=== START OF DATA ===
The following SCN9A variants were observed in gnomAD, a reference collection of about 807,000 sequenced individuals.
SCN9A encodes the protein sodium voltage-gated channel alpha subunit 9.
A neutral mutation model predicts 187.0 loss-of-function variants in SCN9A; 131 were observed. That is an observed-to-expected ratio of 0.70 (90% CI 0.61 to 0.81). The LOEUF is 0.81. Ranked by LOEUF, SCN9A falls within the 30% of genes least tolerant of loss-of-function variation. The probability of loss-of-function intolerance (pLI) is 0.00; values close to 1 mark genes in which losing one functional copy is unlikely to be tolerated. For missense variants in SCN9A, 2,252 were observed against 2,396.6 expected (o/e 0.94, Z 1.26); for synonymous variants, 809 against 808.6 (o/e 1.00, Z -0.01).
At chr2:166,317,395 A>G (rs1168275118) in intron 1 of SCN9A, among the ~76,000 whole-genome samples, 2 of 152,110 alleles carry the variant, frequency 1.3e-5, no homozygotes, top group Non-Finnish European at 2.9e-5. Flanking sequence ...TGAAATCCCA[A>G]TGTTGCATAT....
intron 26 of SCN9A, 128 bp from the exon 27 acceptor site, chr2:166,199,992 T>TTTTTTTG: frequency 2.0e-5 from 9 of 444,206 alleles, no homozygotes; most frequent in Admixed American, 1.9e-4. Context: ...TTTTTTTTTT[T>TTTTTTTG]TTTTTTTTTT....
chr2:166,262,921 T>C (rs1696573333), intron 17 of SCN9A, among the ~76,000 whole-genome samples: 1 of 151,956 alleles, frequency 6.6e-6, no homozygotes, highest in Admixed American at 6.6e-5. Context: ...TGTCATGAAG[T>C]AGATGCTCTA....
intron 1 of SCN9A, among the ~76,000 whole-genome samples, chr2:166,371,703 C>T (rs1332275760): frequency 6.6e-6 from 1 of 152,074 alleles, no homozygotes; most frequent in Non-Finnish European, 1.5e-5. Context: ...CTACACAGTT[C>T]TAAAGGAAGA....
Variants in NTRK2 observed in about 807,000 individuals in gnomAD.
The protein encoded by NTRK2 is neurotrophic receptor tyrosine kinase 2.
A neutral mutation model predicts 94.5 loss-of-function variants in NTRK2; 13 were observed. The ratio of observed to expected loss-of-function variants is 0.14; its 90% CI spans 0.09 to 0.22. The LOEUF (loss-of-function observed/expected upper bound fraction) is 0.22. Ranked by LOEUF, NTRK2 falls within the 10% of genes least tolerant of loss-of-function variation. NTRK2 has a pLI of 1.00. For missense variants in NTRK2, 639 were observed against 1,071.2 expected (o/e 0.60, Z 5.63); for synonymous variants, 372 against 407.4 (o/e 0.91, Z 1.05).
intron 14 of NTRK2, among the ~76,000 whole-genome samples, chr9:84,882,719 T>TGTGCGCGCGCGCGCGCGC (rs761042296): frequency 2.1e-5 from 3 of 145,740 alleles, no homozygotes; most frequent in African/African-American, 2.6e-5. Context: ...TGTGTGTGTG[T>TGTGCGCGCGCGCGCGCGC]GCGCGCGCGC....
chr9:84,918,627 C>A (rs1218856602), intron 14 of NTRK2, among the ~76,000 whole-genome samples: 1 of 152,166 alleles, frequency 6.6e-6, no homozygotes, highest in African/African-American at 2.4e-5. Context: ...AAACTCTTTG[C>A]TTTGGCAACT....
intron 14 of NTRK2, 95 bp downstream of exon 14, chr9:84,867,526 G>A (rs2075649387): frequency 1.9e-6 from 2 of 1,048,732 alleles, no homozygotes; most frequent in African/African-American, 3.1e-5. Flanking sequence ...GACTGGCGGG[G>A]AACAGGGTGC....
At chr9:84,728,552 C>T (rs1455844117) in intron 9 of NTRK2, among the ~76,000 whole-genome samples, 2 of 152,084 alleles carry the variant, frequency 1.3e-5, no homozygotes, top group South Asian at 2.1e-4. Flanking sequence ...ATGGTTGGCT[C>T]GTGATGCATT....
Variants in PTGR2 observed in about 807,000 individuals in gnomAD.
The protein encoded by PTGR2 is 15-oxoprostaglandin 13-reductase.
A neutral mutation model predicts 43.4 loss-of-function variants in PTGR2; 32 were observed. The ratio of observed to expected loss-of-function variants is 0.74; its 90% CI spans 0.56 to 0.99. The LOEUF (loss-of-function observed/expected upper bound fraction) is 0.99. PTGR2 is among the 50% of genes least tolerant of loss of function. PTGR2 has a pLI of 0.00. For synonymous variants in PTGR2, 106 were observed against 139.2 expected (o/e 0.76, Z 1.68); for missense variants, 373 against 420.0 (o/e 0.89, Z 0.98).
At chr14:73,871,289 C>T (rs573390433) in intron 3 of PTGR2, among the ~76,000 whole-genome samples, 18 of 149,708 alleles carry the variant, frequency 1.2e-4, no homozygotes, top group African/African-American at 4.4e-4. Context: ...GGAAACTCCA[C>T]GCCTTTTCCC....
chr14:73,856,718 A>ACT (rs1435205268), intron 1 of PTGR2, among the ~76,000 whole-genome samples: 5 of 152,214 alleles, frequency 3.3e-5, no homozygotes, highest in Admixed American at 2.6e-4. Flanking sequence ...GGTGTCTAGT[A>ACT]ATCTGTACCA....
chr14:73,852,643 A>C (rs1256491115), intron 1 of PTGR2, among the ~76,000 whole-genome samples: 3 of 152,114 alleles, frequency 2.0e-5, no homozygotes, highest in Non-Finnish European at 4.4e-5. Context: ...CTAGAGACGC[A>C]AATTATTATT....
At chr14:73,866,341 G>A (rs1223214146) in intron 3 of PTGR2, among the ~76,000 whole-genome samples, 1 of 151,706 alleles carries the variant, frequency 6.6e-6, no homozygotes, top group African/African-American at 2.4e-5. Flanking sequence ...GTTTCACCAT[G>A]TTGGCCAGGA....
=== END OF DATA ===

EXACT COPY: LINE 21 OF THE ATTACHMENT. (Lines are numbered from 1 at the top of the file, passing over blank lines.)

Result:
At chr14:73,866,341 G>A (rs1223214146) in intron 3 of PTGR2, among the ~76,000 whole-genome samples, 1 of 151,706 alleles carries the variant, frequency 6.6e-6, no homozygotes, top group African/African-American at 2.4e-5. Flanking sequence ...GTTTCACCAT[G>A]TTGGCCAGGA....